Welcome to Vacuum Wars and our review of the new Shark Matrix self-empty Robot Vacuum. We put it through all kinds of tests over a few weeks’ time. In this article, we’ll review all the results of those tests and show how the Shark Matrix stacks up against its most likely competitor, the Roomba i3+ EVO.
Shark's Best Yet
The Shark Matrix is the best Shark robot vacuum we’ve tested so far, cleaning well on carpeted and hard flooring surfaces. It’s also priced well, especially when considering that it has both an auto-empty bin and LiDAR navigation.
- Great Suction & Debris Pickup
- Bagless Auto-Empty Bin
- Value Priced
- Matrix Mode Limited
The Shark RV2310AE Matrix is a LiDAR-based robot vacuum, meaning that it uses a spinning laser to map and then navigate around your house. As we’ll see later, it did this very efficiently.
LiDAR and Auto-Empty Bin
The Shark Matrix comes with an auto-empty dust bin. When the robot returns to its dock to recharge, it will automatically empty the contents of its dust bin into a bagless bin. Shark is one of the few manufacturers that do bagless auto-empty bins, which is a pro in and of itself.
Shark has priced the Matrix quite low. It’s one of the cheapest robot vacuums out there with both LiDAR and an auto-empty bin. Even though the Roomba i3 doesn’t have LiDAR but uses a less accurate floor tracking system for its navigation, it’s still probably the Shark’s closest natural competitor due to the lower price on the Shark.
In the box
Suction and Airflow
Starting off with performance, this is where the Shark Matrix really shined. In the bench test that we do, where we test things like suction and airflow, it was well above average.
…we think that the Shark Matrix is Shark’s best-performing robot vacuum yet in terms of power, carpet, and hard floor performance, and navigation. It’s an excellent value for its price.
Crevice and Carpet Deep Clean Test
This power showed up in the crevice pickup test where it did significantly better than the Roomba i3+. The Shark Matrix also did extremely well with the carpet deep clean test, where it scored more than robot vacuums two or even three times its price.
The Shark was also really good with debris pickup on the surfaces of hard floors and carpets. While this is something that both the Shark and the Roomba did well at, as it is sort of the main job of a robot vacuum, we were really impressed with the Shark’s sweeping ability. We think it’s the best pickup test we’ve seen from a Shark robot vacuum yet.
Moving on to the navigation tests. In our new navigation test, we run each robot vacuum several times on a fixed floor plan in different modes and on different power settings. The Shark Matrix does have a fast mapping mode and it mapped our 350 square foot area in a little over five minutes, compared to the Roomba i3 which took 26 minutes.
We also measured their navigation efficiency, meaning how fast a robot cleaned an area as well as how many square feet it covered during that time. The Shark covered about 15 percent more area than the Roomba and did so about 28 percent faster. So, the LiDAR navigation really seemed to make a difference here for the Shark.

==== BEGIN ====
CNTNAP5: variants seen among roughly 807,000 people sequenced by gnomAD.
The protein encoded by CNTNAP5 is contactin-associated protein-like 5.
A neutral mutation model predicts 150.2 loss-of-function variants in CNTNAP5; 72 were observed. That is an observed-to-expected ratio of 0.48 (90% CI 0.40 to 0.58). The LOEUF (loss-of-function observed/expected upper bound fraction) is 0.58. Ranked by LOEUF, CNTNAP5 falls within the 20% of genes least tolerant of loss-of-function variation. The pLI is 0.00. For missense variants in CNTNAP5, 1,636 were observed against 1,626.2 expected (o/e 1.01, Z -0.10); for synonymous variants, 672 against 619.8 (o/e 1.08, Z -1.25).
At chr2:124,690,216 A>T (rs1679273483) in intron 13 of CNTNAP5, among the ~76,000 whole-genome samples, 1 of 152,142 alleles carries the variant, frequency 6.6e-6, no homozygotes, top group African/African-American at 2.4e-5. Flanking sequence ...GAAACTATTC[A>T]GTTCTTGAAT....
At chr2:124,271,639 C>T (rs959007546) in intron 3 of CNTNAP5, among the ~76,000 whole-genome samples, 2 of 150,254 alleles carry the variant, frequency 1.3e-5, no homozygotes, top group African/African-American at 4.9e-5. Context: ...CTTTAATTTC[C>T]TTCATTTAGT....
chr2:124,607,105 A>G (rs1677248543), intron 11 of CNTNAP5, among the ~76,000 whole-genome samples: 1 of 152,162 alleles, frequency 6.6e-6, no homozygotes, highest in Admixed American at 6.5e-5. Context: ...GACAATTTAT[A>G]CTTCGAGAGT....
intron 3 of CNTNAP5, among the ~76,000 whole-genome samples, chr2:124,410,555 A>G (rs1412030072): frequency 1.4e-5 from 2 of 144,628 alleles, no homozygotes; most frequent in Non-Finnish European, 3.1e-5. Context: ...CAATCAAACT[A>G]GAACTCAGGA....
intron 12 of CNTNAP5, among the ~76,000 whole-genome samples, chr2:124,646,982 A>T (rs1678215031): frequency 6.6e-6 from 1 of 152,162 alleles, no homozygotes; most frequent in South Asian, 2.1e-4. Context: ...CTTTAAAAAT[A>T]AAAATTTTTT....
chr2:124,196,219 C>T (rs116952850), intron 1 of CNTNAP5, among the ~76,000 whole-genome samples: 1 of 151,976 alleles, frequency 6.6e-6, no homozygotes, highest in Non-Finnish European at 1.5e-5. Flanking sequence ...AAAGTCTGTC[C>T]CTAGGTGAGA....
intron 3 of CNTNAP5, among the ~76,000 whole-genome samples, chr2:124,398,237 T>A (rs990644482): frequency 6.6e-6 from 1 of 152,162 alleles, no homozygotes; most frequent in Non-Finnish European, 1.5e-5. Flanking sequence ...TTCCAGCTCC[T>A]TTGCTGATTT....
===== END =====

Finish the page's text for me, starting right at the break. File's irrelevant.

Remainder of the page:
We also measure battery efficiency during these tests. We found that the Roomba on its one power setting got an average of 1.41 minutes of run time per battery life percentage point, and the Shark got slightly less when its three power levels were averaged at 1.29 minutes per percentage point.
But even though the Roomba had better battery efficiency, it wasn’t enough to make up for its less efficient navigation. So, the math works out to the Roomba i3 being able to get 820 square feet per charge versus one 1,000 square feet per charge on the Shark Matrix.
Take those numbers with a grain of salt, since there are so many variables. In any case, they both have a feature called recharge and resume, where if its battery does run out, it will simply return to its base, recharge, and then resume right where it left off on the map.
The final category is features, and here we should talk about the Matrix mode on the Shark since it is what this Shark model is named after. This is basically a mode that can only be activated in its spot cleaning or room cleaning mode. Instead of its usual back-and-forth pattern, it will clean in a cross-hatch or matrix pattern instead, and we’re pretty sure it does so on max power as well.
The idea of the Matrix mode is that it can be used in heavy traffic areas which have a tendency to be more soiled, like around cat litter boxes or door entryways. It does seem to work pretty well, but it really is only for spot cleaning. You can’t even make the target area bigger on the map, so it is minimally useful, in our opinion.
Speaking of the app, Shark does have some high-end features like no-go lines on the app to keep it from going places that you don’t want it to go, which is nice, especially since the Roomba i3+ EVO does not have that feature. Both do have room cleaning and zone cleaning though, as well as lots of scheduling options.
The Shark Matrix also has an anti-hair wrap brush roll, which is basically little comb-like structures that actively remove hair from its brush roll. We think Shark must have a patent for this, since we don’t see this on other robot vacuums.
While we love this feature on Shark’s upright and cordless vacuums, we’ve never really noticed that much of a difference with it on robot vacuums.
In conclusion, we think that the Shark Matrix is Shark’s best-performing robot vacuum yet in terms of power, carpet, and hard floor performance, and navigation. It’s an excellent value for its price. In our scoring system, it beat out the Roomba i3+ EVO without any trouble.
|Dust Bin Capacity
|0.2 qt / 0/19 L
|Cleaning Path Width
|Google Assistant Compatible
|Amazon Alexa Compatible
|Cleaning Path Width
|13.4 in x 13.4 in x 4.2 in